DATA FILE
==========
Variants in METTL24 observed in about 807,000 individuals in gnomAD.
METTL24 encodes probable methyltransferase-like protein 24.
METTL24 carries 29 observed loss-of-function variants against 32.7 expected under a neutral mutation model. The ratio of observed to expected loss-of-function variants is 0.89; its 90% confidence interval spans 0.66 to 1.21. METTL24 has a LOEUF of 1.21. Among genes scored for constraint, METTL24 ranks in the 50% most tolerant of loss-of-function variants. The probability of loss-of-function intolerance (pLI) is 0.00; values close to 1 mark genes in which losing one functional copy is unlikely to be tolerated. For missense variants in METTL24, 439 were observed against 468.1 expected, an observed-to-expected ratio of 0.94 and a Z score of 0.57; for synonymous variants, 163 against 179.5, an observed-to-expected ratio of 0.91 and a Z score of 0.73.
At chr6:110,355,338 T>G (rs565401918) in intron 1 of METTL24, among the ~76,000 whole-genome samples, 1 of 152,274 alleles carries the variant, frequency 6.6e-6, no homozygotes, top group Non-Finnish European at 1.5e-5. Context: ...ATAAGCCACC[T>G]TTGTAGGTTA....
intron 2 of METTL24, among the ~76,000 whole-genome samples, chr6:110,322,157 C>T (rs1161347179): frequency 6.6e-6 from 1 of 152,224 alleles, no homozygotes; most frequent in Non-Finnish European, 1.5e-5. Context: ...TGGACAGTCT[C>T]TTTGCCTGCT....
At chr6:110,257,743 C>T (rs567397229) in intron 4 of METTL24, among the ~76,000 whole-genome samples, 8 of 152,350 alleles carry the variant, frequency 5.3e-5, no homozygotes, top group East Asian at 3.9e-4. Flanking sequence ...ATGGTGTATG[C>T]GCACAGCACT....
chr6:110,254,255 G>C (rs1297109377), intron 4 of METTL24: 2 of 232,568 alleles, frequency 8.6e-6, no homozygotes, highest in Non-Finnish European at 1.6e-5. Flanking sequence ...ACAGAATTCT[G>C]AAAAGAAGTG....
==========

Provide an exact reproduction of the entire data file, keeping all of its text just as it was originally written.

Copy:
Variants in METTL24 observed in about 807,000 individuals in gnomAD.
METTL24 encodes probable methyltransferase-like protein 24.
METTL24 carries 29 observed loss-of-function variants against 32.7 expected under a neutral mutation model. The ratio of observed to expected loss-of-function variants is 0.89; its 90% confidence interval spans 0.66 to 1.21. METTL24 has a LOEUF of 1.21. Among genes scored for constraint, METTL24 ranks in the 50% most tolerant of loss-of-function variants. The probability of loss-of-function intolerance (pLI) is 0.00; values close to 1 mark genes in which losing one functional copy is unlikely to be tolerated. For missense variants in METTL24, 439 were observed against 468.1 expected, an observed-to-expected ratio of 0.94 and a Z score of 0.57; for synonymous variants, 163 against 179.5, an observed-to-expected ratio of 0.91 and a Z score of 0.73.
At chr6:110,355,338 T>G (rs565401918) in intron 1 of METTL24, among the ~76,000 whole-genome samples, 1 of 152,274 alleles carries the variant, frequency 6.6e-6, no homozygotes, top group Non-Finnish European at 1.5e-5. Context: ...ATAAGCCACC[T>G]TTGTAGGTTA....
intron 2 of METTL24, among the ~76,000 whole-genome samples, chr6:110,322,157 C>T (rs1161347179): frequency 6.6e-6 from 1 of 152,224 alleles, no homozygotes; most frequent in Non-Finnish European, 1.5e-5. Context: ...TGGACAGTCT[C>T]TTTGCCTGCT....
At chr6:110,257,743 C>T (rs567397229) in intron 4 of METTL24, among the ~76,000 whole-genome samples, 8 of 152,350 alleles carry the variant, frequency 5.3e-5, no homozygotes, top group East Asian at 3.9e-4. Flanking sequence ...ATGGTGTATG[C>T]GCACAGCACT....
chr6:110,254,255 G>C (rs1297109377), intron 4 of METTL24: 2 of 232,568 alleles, frequency 8.6e-6, no homozygotes, highest in Non-Finnish European at 1.6e-5. Flanking sequence ...ACAGAATTCT[G>C]AAAAGAAGTG....